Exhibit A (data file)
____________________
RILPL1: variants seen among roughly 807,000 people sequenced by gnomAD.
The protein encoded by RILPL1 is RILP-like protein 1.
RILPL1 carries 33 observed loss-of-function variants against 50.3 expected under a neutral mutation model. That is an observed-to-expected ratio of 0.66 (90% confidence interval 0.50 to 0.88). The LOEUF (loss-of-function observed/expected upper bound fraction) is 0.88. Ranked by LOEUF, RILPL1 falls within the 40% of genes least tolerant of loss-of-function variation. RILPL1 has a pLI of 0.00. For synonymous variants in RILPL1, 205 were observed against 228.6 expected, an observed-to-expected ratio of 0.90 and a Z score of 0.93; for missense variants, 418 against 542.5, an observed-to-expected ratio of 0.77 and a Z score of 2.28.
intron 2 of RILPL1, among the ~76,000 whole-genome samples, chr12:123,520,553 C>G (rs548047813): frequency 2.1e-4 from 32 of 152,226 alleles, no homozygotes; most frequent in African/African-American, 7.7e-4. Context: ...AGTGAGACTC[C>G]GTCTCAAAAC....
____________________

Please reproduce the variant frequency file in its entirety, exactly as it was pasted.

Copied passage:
RILPL1: variants seen among roughly 807,000 people sequenced by gnomAD.
The protein encoded by RILPL1 is RILP-like protein 1.
RILPL1 carries 33 observed loss-of-function variants against 50.3 expected under a neutral mutation model. That is an observed-to-expected ratio of 0.66 (90% confidence interval 0.50 to 0.88). The LOEUF (loss-of-function observed/expected upper bound fraction) is 0.88. Ranked by LOEUF, RILPL1 falls within the 40% of genes least tolerant of loss-of-function variation. RILPL1 has a pLI of 0.00. For synonymous variants in RILPL1, 205 were observed against 228.6 expected, an observed-to-expected ratio of 0.90 and a Z score of 0.93; for missense variants, 418 against 542.5, an observed-to-expected ratio of 0.77 and a Z score of 2.28.
intron 2 of RILPL1, among the ~76,000 whole-genome samples, chr12:123,520,553 C>G (rs548047813): frequency 2.1e-4 from 32 of 152,226 alleles, no homozygotes; most frequent in African/African-American, 7.7e-4. Context: ...AGTGAGACTC[C>G]GTCTCAAAAC....